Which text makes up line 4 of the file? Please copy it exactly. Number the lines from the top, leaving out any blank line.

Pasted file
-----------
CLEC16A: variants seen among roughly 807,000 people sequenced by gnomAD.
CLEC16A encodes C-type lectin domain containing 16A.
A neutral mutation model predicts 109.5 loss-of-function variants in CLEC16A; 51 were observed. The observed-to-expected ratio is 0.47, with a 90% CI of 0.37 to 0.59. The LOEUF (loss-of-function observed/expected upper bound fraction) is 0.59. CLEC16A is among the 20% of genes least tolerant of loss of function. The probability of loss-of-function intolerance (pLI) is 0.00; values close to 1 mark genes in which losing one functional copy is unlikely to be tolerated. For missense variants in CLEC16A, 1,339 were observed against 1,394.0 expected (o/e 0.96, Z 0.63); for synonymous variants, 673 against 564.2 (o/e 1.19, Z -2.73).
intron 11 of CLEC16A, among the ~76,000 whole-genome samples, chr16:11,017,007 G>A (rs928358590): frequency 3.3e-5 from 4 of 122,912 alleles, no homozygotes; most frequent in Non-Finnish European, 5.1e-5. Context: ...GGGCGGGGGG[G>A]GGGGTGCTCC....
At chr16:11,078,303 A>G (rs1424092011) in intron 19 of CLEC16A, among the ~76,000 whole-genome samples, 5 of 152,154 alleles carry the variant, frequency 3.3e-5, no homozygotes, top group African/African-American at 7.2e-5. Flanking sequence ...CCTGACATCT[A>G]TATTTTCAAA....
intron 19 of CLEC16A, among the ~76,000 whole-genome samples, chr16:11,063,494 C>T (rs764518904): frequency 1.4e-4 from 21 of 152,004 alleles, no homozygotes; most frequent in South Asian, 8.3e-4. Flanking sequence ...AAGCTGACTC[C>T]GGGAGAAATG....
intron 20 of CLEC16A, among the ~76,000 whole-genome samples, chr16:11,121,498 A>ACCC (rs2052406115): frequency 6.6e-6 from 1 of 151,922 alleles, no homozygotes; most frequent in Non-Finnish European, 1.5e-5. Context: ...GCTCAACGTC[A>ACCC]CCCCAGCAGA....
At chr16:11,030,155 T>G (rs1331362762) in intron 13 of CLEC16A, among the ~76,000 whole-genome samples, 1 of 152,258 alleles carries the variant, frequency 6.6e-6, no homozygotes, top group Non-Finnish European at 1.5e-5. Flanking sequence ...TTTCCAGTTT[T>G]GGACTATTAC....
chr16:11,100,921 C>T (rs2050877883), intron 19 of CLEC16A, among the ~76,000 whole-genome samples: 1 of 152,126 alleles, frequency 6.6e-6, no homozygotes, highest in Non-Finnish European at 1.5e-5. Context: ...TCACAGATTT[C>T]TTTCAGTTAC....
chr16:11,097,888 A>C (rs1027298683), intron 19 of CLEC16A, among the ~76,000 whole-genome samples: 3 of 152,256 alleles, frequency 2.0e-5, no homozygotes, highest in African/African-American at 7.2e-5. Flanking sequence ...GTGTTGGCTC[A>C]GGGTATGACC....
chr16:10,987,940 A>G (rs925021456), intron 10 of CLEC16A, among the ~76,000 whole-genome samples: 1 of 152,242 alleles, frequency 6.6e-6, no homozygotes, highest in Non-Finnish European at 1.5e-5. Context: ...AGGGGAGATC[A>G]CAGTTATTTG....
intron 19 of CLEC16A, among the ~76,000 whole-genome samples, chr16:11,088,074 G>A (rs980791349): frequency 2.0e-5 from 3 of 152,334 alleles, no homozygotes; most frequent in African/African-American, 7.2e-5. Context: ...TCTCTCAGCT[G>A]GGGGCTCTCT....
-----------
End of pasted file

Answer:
intron 11 of CLEC16A, among the ~76,000 whole-genome samples, chr16:11,017,007 G>A (rs928358590): frequency 3.3e-5 from 4 of 122,912 alleles, no homozygotes; most frequent in Non-Finnish European, 5.1e-5. Context: ...GGGCGGGGGG[G>A]GGGGTGCTCC....